Is the omnipod an insulin pump?

We all know that the pod is really a pump, right?

Would you like to know that our sophisticated medical people at Medicare do not take that position. For some unexplainable reason, and despite the clear regulation stating coverage for pumps, medicare refuses to cover the cost for the omnipod. Because it has no wires or is too new to establish a code, or some other irrational reason, coverage is rejected. Can anyone shed any light or assistance to this area of growing concern?

Richard Meltzer

Hi Richard,

The short answer is “Yes, it’s a pump.” The pod is a wearable pump with a wireless hand-held controller (the PDM). The Omnipod system is made up of two devices, the pod and the PDM (Personal Diabetes Manager). Call Insulet and they will help you to get approval.

Cheers,
Gil

Can you believe that some people want government to take a bigger role in healthcare.

I’m sorry, but because there is no visible, tangible tube or wire running between your body and the pump device… it cannot qualify as an insulin pump. It does not matter that the manufacturer of said device can give proof that the pump is in the infusion set. Because “I CANNOT SEE IT”, it must not exist. Have a nice day.

Yes, they think it’s a dermal patch. They don’t realize that there is a pump and a cannula insertion mechanisms inside.

They also think airplanes need to have propellers to fly. :slight_smile:

If they would take to time to open up a pod they would see that it does have a tube!!! The tube, the needle, and the canula are connected. Looking carefully you can see the needle retracted up inside the canula while on the body. Maybe Insulet could straighten this out for you.

Richard ,.I have been fighting this issue since last July…If I was not on Medicare, I would be covered for this with my insurance., . Medicare it seems, DOES NOT COVER THIS PARTICULAR PUMP. I have had many people fighting for me, now …
…I am now going to my Senator, and Congressman. maybe even TV…
It makes no sense that ins would cover it, but whenever I order, I am told" we follow medicare guidelines"…sorry!
Medicare DOES say it will cover pumps, I have it in writing in their literature, My insurance co. said to submit the bills from the supplier, I have and still waiting for reimbursement…Where do you live Richard? I am in SW Florida.

PS… I have had a great gal from Insulet who has tried to help…NO LUCK!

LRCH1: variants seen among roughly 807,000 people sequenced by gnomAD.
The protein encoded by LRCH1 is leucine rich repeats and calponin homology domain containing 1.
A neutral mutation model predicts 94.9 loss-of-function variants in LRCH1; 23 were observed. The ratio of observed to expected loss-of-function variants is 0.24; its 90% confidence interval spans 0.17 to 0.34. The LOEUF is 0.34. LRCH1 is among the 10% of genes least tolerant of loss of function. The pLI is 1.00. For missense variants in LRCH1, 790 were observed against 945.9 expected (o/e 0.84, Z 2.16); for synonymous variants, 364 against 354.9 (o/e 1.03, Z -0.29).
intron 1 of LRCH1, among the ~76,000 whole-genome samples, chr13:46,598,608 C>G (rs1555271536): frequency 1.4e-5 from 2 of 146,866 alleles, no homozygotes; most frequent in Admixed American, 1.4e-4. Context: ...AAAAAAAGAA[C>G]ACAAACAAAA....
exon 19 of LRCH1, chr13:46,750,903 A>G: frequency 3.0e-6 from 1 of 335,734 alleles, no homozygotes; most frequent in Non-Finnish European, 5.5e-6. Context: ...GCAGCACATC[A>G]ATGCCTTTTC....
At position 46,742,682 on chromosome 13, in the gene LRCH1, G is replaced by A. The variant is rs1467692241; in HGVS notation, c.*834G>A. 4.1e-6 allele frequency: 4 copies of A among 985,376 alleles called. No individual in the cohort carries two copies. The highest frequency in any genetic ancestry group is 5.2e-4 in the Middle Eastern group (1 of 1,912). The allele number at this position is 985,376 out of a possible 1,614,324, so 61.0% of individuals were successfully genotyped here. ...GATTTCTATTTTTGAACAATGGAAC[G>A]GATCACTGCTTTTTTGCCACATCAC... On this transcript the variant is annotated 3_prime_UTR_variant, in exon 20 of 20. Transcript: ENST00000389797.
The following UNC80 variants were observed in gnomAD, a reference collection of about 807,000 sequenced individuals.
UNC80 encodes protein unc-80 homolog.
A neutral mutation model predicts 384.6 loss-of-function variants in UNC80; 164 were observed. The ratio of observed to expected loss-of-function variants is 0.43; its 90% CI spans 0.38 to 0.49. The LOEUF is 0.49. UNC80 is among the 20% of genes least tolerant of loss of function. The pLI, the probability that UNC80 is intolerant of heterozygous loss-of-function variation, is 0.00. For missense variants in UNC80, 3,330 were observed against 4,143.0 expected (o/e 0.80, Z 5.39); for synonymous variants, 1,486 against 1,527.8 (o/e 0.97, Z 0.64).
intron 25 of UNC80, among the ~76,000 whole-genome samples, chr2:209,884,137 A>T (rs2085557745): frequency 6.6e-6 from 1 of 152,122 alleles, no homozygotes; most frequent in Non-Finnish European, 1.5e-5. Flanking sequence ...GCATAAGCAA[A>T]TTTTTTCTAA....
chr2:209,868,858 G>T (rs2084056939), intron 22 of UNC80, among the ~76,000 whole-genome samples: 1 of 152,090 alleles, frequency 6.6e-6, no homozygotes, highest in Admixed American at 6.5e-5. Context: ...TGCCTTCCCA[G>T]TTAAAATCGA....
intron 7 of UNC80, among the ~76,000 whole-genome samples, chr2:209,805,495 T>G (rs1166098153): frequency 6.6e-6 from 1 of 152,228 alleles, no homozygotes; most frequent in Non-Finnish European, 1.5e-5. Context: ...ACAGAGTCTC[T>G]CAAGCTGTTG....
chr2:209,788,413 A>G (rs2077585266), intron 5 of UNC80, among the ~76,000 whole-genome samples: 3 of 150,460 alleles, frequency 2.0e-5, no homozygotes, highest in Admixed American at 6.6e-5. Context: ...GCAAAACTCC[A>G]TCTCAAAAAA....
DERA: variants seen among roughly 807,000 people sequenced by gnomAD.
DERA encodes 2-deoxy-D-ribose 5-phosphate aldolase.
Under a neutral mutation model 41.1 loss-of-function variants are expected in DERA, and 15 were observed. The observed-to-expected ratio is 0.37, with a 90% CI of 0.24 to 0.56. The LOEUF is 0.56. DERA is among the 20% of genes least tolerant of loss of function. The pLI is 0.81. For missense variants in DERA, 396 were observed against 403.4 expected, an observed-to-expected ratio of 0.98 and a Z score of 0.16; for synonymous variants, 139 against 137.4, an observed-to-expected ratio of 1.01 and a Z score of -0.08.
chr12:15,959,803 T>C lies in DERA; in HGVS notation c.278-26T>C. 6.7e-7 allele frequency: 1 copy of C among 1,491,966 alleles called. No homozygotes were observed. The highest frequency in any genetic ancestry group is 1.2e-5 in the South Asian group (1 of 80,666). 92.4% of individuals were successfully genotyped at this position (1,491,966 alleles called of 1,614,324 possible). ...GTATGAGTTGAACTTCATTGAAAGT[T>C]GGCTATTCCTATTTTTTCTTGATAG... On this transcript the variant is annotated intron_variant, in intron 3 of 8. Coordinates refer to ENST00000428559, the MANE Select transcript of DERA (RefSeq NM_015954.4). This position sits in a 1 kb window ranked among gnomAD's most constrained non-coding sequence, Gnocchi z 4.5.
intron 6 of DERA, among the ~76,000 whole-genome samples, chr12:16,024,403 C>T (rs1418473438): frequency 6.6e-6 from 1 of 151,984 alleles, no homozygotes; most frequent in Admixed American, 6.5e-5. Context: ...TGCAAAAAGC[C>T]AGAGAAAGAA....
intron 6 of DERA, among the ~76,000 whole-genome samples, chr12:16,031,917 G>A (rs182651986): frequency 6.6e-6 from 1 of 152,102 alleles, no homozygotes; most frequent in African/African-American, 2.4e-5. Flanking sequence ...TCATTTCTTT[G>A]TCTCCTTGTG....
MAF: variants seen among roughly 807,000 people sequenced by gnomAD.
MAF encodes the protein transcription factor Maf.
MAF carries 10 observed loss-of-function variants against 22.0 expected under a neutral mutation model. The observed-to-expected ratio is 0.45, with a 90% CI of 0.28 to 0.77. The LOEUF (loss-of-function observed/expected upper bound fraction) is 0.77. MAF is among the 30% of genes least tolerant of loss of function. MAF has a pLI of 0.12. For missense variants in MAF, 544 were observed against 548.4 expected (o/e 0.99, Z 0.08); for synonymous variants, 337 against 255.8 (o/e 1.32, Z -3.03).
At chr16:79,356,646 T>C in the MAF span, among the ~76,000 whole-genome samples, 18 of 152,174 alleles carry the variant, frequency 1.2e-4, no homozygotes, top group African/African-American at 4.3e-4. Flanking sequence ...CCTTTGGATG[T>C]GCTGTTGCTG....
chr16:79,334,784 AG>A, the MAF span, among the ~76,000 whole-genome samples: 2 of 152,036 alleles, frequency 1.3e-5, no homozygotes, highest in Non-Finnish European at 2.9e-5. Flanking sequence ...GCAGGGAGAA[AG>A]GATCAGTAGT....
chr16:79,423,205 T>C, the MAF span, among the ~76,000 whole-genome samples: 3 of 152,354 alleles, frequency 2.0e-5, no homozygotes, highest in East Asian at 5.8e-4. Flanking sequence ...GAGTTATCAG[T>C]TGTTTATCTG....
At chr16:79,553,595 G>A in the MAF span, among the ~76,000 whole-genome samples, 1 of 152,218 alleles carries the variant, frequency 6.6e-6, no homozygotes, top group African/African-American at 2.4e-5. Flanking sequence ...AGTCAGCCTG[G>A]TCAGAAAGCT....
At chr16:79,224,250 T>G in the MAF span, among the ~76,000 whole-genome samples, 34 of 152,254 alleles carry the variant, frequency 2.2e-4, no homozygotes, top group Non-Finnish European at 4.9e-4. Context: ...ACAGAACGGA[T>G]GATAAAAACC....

I do not know if you have my reply so here it is again.
I have spoken with several persons at Insulet, including a gal named Lisa, who agree that medicare will not cover. It seems there is no code for this type because it is wireless.
I would like to know what info you have to appeal and your success. I am an atty and will fight this. I agree politicians may help, but Insulet really needs to become more vocal and provide support for us. It took several months for them to file a claim that is just now denied.

This just drives me crazy that once again insurance companies or now even the government is fighting a medically prescribed treatment! I want my healthcare run by my endocrinologist, not by some snotty clerk in an insurance company or a clueless medical coder who got her job with a one year technical diploma. They won’t cover the OmniPod because there is no CODE for it?! Then MAKE a darn code for it! What is so hard about that? Before the 1990s there were no codes for many of the medicines commonly used today, but somehow they all came into existence. Why not the OmniPod also? I pay a bundle in taxes each year so programs like Medicare are funded; maybe we should all complain to our Congressmen.

I hope that as an attorney you do fight this ruling. Isn’t there something in the Americans with Disabilities Act that says people cannot discriminate against someone because of a medical condition? If an MD prescribed a legitimate medical device, then Medicare should cover it. Don’t they realize that with the better control you will get with the OmniPod, they will actually pay less for your medical treatment in the future? Additionally, if you factor the $9,000 up-front cost of the traditional pump and the cost of the insulin, infusion sets, etc. over the normal four-year life of the pump and then factor in the cost of the PDM and a four-year supply of Pods, you will see that the cost differential is negligible.

Fight for it, Richard, and keep us all posted.

Gil:
I replied to some of the responses, but I have spoken with Insulet and, unfortunately, they cannot be much help. They realize that for coding or other reasons medicare will not approve it. Medicare does not state why other than coding is a problem. I believe Insulet has tried and is frustrated. My only remedies are to appeal( as an atty, I will enjoy taking them on) or going to a carrier and have an HMO which I do not want.
I know Regs say pumps are covered and I need from Insulet documentation that FDA approved it as a pump and a comparison with other approved pumps and the pod. I am willing to do this which really helps Insulet but cooperation is a little lacking. Do you know someone I can speak to directly?

well it’s a really heavy dermal patch then.

Doesn’t matter if you have an HMO, PPO, …
The answer you will get from a supplier, is “We follow Medicare guidlines and Medicare won’t pay for the pods”. I have been through this over and over.
As you must know, Medicare says in their literature, they will pay for insulin pumps. They won’t pay for the omni pod.
Good Luck Richard, Please keep us/me informed if you have any success…I am going to my representative, and State Senator, and see If I have any success…
Nadine Kaliner
sunflwr126@aol.com